The above-described paste or ink compositions are applied in the desired configuration or pattern onto a suitable substrate to form the desired circuit for use as a microelectronic component. There have been a number of substrate materials developed for use in these applications. For example, such substrate materials may include alumina (Al2 O3), beryllia (BeO), aluminum nitride (AlN) and silicon carbide (SiC).

Until recently, most circuit substrates have been made of ceramic substrates such as alumina (Al2 O3) or a resin substrate. In some applications, Al2 O3 substrates have superior mechanical strength and electrical insulation properties. Additionally, such substrates can be easily made into green sheets, which are utilized in the production of high-density multilayer hybrid circuits. Thus, Al2 O3 has found wide or extensive use. However, the thermal conductivity of Al2 O3 is low, only about 20 W/mK.

In recent years, as electronic devices have become smaller, the packaging density of electronic devices (such as IC's) mounted on a circuit substrate has increased. In addition, power semiconductors are being used. Consequently, a great deal of heat is produced by the electronic devices, making it necessary for the circuit substrate to radiate heat away efficiently. However, since the thermal conductivity of Al2 O3 is low, when a great deal of heat is produced, it is impossible to expect much of it to be radiated away from the circuit substrate. Consequently, when mounting electronic devices in a high-density packaging configuration or producing modules containing power semiconductors, it is desirable to have a circuit substrate which has high thermal conductivity in addition to mechanical strength and good electrical insulation.

In recent years, progress has been made in fine ceramics technology. For example, ceramic materials such as silicon carbide and aluminum nitride have been developed which exhibit superior mechanical strength and thermal conductivity. While much research has been conducted with silicon carbide, this material has a high dielectric constant and low dielectric strength and, in turn, presents serious problems in using it for high-frequency circuit devices and for devices to which high voltage will be applied.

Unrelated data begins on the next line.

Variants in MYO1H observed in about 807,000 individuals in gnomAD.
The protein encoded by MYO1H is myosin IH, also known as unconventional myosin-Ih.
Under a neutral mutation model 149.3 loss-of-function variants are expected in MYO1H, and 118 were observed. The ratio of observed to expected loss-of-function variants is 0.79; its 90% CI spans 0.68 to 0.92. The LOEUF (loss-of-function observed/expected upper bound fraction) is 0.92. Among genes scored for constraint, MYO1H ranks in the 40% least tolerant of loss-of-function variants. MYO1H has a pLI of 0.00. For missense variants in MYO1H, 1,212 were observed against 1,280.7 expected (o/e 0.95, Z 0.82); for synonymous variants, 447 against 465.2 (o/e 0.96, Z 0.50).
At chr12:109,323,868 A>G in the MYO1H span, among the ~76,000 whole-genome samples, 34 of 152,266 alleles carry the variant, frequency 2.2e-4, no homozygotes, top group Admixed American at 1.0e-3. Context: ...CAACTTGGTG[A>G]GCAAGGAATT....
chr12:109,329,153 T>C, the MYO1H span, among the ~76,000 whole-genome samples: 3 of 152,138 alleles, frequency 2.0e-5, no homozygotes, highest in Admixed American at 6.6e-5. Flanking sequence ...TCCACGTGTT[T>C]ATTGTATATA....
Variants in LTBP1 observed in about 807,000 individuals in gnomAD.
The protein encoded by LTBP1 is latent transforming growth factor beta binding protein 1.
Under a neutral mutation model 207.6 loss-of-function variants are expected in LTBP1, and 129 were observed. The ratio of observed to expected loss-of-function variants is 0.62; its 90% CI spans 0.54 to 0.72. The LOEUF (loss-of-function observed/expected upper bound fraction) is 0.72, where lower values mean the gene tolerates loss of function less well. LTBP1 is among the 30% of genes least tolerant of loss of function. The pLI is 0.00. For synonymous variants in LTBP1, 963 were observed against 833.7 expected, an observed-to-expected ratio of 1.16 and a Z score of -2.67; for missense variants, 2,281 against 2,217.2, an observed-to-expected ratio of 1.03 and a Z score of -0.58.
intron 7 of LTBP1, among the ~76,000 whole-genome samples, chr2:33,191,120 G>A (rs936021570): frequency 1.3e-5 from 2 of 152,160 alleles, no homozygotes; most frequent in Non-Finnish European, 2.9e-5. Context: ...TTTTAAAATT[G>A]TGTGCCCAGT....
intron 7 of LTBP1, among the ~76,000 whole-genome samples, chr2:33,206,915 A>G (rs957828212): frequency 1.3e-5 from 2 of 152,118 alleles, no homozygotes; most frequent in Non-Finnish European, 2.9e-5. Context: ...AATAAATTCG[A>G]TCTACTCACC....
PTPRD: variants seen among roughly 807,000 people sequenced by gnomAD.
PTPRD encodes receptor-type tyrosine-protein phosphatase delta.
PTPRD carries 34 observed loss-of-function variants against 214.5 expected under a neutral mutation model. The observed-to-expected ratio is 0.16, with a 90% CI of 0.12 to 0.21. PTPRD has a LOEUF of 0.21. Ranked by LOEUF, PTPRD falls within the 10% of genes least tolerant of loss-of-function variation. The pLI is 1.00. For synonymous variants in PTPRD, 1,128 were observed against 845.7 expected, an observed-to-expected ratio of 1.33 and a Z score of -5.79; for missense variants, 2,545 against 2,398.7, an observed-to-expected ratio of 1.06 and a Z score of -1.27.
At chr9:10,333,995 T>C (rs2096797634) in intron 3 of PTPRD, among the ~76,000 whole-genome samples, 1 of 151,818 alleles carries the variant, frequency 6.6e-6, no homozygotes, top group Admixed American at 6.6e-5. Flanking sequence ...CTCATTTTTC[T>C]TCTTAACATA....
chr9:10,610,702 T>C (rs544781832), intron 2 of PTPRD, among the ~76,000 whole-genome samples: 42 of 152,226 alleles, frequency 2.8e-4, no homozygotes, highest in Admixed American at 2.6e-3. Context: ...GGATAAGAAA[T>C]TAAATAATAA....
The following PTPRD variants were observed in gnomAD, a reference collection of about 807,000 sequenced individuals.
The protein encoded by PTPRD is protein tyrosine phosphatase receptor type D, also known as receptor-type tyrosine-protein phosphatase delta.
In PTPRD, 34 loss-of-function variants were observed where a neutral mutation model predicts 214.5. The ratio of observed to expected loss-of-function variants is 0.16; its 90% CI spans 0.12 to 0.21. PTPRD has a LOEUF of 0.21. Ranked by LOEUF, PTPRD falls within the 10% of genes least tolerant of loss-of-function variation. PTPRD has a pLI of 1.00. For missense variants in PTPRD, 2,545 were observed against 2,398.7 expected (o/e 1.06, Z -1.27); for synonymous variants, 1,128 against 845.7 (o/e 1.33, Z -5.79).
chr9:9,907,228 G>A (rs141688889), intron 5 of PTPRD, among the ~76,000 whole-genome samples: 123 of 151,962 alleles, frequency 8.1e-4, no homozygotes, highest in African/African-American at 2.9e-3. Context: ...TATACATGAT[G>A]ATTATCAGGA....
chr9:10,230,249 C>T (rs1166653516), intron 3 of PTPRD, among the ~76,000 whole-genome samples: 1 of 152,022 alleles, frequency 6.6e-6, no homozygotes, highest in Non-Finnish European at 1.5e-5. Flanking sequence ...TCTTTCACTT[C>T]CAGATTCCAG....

Aluminum nitride on the other hand exhibits good electric insulation as well as thermal conductivity and thus has been found promising for application as circuit substrates. This material has thermal conductivity in the range of at least about 100 W/mK, mechanical strength of about 40 to 50 Kg/mm2 and a dielectric strength of about 140 to 170 kV/cm. Thus, aluminum nitride, due to its high thermal conductivity, is an attractive substrate material to the power hybrid market. However, because its surface is not an oxide, or contains very little Al2 O3, conductive compositions designed for alumina have nothing to react with and thus a somewhat weak bond is generally formed. Also, there can be a problem of blister formation during the processing of most circuit substrates of this nature. Specifically, when the glass binder used in conductive compositions begins to react or flood over the aluminum nitride, nitrogen gas is liberated causing blisters to be created in the film, thus lifting the film off of the substrate.

Of the possible metals that may be used as conductors in these conductive compositions, copper (Cu) is considered optimal for a number of reasons. Copper offers the signal speed of silver while avoiding the problems of the leaching or migrating of silver or other noble metals. However, a copper conductive composition for use on ceramic substrates comprised of aluminum nitride has not yet been developed.

Aluminum nitride substrates for use in microelectronic devices has been described in the art, for example, Norton, in the Journal of Material Science Letters, 9 (1990) 91-93, describes a lithium-based paste composition which is screen printable on alum nitride substrates and is thermodynamically stable.

U.S. Pat. No. 4,540,673 describes semi-conductor devices using a sintered aluminum nitride having high thermal conductivity and containing at least one other metal compound selected from beryllium (Be), lithium (Li) and compounds of these metals.